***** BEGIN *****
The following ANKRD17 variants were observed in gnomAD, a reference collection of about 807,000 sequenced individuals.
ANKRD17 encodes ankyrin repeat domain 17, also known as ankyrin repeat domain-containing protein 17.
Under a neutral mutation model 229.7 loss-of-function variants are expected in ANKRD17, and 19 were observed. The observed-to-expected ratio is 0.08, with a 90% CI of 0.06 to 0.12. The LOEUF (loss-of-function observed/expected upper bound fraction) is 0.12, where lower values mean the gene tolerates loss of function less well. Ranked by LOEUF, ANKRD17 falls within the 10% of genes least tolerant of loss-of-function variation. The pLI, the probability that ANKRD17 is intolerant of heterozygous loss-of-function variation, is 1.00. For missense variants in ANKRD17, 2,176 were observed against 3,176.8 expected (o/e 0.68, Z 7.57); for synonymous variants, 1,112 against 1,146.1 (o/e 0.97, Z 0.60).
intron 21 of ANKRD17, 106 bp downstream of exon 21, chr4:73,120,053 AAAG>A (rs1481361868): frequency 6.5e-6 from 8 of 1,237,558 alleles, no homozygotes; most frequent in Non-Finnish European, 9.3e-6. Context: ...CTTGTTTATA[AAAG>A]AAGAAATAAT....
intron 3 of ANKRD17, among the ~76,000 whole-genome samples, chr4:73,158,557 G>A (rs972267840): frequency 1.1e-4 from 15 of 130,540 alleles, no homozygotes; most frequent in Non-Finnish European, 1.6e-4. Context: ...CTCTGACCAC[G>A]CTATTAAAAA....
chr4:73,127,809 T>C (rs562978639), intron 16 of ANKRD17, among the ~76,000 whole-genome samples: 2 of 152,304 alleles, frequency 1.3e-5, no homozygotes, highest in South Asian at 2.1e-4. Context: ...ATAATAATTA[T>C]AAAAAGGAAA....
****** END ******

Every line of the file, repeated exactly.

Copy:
The following ANKRD17 variants were observed in gnomAD, a reference collection of about 807,000 sequenced individuals.
ANKRD17 encodes ankyrin repeat domain 17, also known as ankyrin repeat domain-containing protein 17.
Under a neutral mutation model 229.7 loss-of-function variants are expected in ANKRD17, and 19 were observed. The observed-to-expected ratio is 0.08, with a 90% CI of 0.06 to 0.12. The LOEUF (loss-of-function observed/expected upper bound fraction) is 0.12, where lower values mean the gene tolerates loss of function less well. Ranked by LOEUF, ANKRD17 falls within the 10% of genes least tolerant of loss-of-function variation. The pLI, the probability that ANKRD17 is intolerant of heterozygous loss-of-function variation, is 1.00. For missense variants in ANKRD17, 2,176 were observed against 3,176.8 expected (o/e 0.68, Z 7.57); for synonymous variants, 1,112 against 1,146.1 (o/e 0.97, Z 0.60).
intron 21 of ANKRD17, 106 bp downstream of exon 21, chr4:73,120,053 AAAG>A (rs1481361868): frequency 6.5e-6 from 8 of 1,237,558 alleles, no homozygotes; most frequent in Non-Finnish European, 9.3e-6. Context: ...CTTGTTTATA[AAAG>A]AAGAAATAAT....
intron 3 of ANKRD17, among the ~76,000 whole-genome samples, chr4:73,158,557 G>A (rs972267840): frequency 1.1e-4 from 15 of 130,540 alleles, no homozygotes; most frequent in Non-Finnish European, 1.6e-4. Context: ...CTCTGACCAC[G>A]CTATTAAAAA....
chr4:73,127,809 T>C (rs562978639), intron 16 of ANKRD17, among the ~76,000 whole-genome samples: 2 of 152,304 alleles, frequency 1.3e-5, no homozygotes, highest in South Asian at 2.1e-4. Context: ...ATAATAATTA[T>C]AAAAAGGAAA....